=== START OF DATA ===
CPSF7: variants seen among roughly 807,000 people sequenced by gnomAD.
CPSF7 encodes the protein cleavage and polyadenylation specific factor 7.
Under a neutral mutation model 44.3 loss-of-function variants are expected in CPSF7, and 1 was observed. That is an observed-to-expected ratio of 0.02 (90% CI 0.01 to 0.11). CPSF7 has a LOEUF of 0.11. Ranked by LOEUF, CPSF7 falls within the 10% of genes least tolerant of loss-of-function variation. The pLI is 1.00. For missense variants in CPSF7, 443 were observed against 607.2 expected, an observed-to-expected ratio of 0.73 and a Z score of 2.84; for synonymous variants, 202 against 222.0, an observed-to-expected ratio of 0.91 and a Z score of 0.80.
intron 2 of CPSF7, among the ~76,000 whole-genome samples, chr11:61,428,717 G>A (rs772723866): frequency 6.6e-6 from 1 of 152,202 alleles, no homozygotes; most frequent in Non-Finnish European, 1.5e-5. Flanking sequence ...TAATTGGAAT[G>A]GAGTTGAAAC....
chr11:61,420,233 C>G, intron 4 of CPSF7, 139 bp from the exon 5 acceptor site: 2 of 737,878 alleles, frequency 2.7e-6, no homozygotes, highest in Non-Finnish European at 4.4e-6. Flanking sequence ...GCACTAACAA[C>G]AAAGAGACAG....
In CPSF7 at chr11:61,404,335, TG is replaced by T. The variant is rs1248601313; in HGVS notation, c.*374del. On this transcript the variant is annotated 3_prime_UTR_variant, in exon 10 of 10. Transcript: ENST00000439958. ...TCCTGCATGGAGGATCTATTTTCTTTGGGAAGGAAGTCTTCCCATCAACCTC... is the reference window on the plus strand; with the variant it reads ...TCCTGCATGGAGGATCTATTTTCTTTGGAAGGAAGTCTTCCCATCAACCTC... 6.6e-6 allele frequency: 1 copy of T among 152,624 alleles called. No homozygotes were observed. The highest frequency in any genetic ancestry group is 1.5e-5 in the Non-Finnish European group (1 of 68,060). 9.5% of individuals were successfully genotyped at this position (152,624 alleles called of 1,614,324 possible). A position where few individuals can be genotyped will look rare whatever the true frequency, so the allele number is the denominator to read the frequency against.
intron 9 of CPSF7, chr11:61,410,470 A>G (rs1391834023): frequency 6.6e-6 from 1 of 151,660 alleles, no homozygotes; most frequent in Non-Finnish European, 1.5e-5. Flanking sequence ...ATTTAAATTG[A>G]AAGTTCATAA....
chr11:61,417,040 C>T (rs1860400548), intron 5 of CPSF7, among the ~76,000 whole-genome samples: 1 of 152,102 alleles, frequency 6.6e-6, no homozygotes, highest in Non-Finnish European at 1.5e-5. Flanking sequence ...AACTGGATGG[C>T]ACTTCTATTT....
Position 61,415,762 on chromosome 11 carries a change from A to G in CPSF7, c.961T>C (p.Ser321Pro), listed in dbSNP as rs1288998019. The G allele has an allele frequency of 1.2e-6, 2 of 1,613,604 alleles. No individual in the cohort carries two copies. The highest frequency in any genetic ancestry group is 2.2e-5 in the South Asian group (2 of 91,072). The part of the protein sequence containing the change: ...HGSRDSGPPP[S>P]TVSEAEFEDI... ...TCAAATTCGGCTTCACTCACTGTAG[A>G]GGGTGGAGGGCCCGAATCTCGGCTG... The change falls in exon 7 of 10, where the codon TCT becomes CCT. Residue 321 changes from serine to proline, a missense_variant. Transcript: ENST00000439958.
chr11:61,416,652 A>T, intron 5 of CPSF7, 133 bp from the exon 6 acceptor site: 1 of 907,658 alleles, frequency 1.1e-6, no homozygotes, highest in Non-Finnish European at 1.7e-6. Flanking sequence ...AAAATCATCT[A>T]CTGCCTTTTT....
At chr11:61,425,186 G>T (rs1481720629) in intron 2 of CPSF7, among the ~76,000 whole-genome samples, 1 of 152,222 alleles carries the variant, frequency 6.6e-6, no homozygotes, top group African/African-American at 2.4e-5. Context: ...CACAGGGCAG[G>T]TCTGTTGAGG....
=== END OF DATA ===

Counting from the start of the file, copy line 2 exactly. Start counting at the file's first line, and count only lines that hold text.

CPSF7 encodes the protein cleavage and polyadenylation specific factor 7.